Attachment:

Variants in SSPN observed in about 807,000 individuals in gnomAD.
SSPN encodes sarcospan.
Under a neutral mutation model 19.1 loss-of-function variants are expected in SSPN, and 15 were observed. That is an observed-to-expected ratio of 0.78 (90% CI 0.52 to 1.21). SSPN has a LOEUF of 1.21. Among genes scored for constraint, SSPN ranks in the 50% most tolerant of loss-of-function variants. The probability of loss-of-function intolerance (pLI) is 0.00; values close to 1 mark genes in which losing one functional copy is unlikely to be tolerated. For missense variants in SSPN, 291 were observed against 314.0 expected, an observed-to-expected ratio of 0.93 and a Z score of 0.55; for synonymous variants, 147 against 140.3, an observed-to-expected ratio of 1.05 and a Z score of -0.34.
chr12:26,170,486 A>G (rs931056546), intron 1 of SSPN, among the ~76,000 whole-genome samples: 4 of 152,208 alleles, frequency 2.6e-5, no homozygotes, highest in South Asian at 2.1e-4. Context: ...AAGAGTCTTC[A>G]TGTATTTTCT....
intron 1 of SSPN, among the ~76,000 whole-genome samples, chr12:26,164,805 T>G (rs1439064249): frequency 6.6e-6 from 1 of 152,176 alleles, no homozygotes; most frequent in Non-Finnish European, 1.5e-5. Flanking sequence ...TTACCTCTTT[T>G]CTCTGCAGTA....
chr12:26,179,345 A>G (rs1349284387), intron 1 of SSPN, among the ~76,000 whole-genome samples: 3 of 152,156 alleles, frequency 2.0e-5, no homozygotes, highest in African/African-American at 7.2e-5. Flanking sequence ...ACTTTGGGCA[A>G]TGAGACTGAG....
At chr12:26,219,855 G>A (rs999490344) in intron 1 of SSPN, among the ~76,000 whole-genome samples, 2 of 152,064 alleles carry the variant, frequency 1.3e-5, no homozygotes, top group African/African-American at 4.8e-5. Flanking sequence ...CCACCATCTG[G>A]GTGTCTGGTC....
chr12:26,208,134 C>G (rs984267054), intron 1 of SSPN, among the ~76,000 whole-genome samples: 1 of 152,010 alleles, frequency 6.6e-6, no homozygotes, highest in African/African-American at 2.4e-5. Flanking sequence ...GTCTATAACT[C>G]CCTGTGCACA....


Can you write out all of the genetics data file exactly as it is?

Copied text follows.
Variants in SSPN observed in about 807,000 individuals in gnomAD.
SSPN encodes sarcospan.
Under a neutral mutation model 19.1 loss-of-function variants are expected in SSPN, and 15 were observed. That is an observed-to-expected ratio of 0.78 (90% CI 0.52 to 1.21). SSPN has a LOEUF of 1.21. Among genes scored for constraint, SSPN ranks in the 50% most tolerant of loss-of-function variants. The probability of loss-of-function intolerance (pLI) is 0.00; values close to 1 mark genes in which losing one functional copy is unlikely to be tolerated. For missense variants in SSPN, 291 were observed against 314.0 expected, an observed-to-expected ratio of 0.93 and a Z score of 0.55; for synonymous variants, 147 against 140.3, an observed-to-expected ratio of 1.05 and a Z score of -0.34.
chr12:26,170,486 A>G (rs931056546), intron 1 of SSPN, among the ~76,000 whole-genome samples: 4 of 152,208 alleles, frequency 2.6e-5, no homozygotes, highest in South Asian at 2.1e-4. Context: ...AAGAGTCTTC[A>G]TGTATTTTCT....
intron 1 of SSPN, among the ~76,000 whole-genome samples, chr12:26,164,805 T>G (rs1439064249): frequency 6.6e-6 from 1 of 152,176 alleles, no homozygotes; most frequent in Non-Finnish European, 1.5e-5. Flanking sequence ...TTACCTCTTT[T>G]CTCTGCAGTA....
chr12:26,179,345 A>G (rs1349284387), intron 1 of SSPN, among the ~76,000 whole-genome samples: 3 of 152,156 alleles, frequency 2.0e-5, no homozygotes, highest in African/African-American at 7.2e-5. Flanking sequence ...ACTTTGGGCA[A>G]TGAGACTGAG....
At chr12:26,219,855 G>A (rs999490344) in intron 1 of SSPN, among the ~76,000 whole-genome samples, 2 of 152,064 alleles carry the variant, frequency 1.3e-5, no homozygotes, top group African/African-American at 4.8e-5. Flanking sequence ...CCACCATCTG[G>A]GTGTCTGGTC....
chr12:26,208,134 C>G (rs984267054), intron 1 of SSPN, among the ~76,000 whole-genome samples: 1 of 152,010 alleles, frequency 6.6e-6, no homozygotes, highest in African/African-American at 2.4e-5. Flanking sequence ...GTCTATAACT[C>G]CCTGTGCACA....